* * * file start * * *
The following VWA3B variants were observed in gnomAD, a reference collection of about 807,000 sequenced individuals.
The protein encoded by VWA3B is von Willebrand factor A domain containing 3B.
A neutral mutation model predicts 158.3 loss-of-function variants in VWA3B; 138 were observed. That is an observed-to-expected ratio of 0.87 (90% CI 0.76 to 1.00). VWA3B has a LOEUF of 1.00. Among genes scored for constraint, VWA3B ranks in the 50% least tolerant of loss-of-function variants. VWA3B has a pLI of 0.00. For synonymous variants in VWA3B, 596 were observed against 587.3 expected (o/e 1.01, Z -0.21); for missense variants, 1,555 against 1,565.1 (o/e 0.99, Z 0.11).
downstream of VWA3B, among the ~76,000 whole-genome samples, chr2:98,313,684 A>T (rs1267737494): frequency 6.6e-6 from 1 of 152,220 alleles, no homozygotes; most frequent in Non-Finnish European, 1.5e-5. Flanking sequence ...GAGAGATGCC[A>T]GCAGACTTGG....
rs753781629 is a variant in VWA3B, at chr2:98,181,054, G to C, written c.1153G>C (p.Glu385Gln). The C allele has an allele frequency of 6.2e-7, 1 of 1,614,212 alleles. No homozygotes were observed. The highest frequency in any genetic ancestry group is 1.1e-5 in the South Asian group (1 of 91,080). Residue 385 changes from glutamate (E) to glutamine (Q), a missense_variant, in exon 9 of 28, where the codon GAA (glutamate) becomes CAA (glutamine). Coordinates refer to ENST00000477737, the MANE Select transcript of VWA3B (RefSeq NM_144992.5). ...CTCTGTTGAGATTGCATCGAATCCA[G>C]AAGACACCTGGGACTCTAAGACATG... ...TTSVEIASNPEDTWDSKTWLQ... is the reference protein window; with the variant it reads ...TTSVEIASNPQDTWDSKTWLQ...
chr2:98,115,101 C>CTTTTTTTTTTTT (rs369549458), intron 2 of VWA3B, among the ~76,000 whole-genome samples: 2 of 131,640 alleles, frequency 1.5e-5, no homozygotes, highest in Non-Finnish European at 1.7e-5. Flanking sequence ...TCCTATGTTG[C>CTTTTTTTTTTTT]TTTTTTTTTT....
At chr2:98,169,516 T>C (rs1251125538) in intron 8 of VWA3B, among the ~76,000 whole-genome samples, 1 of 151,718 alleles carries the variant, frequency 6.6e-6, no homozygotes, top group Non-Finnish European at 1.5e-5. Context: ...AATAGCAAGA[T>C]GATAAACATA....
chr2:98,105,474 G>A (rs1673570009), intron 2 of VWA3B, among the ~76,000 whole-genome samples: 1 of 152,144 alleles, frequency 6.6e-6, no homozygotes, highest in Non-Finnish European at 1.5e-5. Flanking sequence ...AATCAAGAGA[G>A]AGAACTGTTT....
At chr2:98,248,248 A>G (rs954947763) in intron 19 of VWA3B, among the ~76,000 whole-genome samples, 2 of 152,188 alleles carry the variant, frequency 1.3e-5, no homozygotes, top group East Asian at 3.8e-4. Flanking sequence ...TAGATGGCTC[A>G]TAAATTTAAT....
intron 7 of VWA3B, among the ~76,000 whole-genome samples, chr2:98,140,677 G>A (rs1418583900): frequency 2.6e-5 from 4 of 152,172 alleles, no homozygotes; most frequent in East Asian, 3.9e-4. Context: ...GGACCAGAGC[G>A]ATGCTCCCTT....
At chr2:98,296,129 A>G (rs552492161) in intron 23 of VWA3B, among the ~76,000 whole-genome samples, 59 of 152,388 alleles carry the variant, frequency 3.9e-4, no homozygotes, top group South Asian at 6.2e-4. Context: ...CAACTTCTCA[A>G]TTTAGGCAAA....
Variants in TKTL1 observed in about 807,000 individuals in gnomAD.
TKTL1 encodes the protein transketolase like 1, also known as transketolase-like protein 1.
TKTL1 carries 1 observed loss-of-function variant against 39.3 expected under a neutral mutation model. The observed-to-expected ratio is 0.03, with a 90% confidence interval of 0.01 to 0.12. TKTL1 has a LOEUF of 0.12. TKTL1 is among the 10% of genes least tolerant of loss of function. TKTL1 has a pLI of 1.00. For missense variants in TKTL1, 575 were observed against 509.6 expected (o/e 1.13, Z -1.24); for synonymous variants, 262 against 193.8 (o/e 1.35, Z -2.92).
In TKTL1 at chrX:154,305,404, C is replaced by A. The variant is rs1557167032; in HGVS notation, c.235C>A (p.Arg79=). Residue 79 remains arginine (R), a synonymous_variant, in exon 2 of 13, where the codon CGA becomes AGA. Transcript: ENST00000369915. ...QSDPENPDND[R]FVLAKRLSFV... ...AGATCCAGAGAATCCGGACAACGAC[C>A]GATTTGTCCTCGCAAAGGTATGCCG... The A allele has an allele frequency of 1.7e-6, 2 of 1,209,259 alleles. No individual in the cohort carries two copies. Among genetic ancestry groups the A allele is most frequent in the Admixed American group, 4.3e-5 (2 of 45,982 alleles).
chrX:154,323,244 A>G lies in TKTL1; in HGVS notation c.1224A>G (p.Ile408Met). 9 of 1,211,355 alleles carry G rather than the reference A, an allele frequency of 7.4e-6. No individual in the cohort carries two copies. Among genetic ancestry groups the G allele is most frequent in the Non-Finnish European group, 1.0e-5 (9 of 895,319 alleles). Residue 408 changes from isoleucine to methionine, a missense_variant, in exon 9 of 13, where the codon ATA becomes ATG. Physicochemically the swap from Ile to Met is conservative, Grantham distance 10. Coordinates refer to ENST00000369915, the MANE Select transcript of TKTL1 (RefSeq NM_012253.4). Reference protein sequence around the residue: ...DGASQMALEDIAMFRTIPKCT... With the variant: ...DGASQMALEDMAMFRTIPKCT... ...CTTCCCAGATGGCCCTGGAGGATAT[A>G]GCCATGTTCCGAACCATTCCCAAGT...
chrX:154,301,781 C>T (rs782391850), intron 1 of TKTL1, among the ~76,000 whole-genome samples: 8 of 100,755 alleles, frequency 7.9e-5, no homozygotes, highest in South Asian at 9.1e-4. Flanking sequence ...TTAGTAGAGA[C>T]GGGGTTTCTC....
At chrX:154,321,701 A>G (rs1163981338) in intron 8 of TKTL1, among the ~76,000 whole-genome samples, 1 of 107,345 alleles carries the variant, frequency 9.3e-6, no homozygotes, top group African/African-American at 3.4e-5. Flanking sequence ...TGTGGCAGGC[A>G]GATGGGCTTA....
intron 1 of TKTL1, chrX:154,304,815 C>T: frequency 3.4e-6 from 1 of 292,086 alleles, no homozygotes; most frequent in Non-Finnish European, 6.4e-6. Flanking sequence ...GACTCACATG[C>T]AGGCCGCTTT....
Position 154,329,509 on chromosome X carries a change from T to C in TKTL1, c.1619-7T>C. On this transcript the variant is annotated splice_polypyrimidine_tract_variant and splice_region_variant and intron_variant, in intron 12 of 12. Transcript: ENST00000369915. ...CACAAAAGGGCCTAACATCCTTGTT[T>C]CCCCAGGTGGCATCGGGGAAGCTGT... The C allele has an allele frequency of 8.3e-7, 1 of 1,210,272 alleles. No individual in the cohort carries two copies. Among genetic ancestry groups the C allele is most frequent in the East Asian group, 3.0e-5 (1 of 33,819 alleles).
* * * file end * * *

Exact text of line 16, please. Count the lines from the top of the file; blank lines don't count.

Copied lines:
chrX:154,323,244 A>G lies in TKTL1; in HGVS notation c.1224A>G (p.Ile408Met). 9 of 1,211,355 alleles carry G rather than the reference A, an allele frequency of 7.4e-6. No individual in the cohort carries two copies. Among genetic ancestry groups the G allele is most frequent in the Non-Finnish European group, 1.0e-5 (9 of 895,319 alleles). Residue 408 changes from isoleucine to methionine, a missense_variant, in exon 9 of 13, where the codon ATA becomes ATG. Physicochemically the swap from Ile to Met is conservative, Grantham distance 10. Coordinates refer to ENST00000369915, the MANE Select transcript of TKTL1 (RefSeq NM_012253.4). Reference protein sequence around the residue: ...DGASQMALEDIAMFRTIPKCT... With the variant: ...DGASQMALEDMAMFRTIPKCT... ...CTTCCCAGATGGCCCTGGAGGATAT[A>G]GCCATGTTCCGAACCATTCCCAAGT...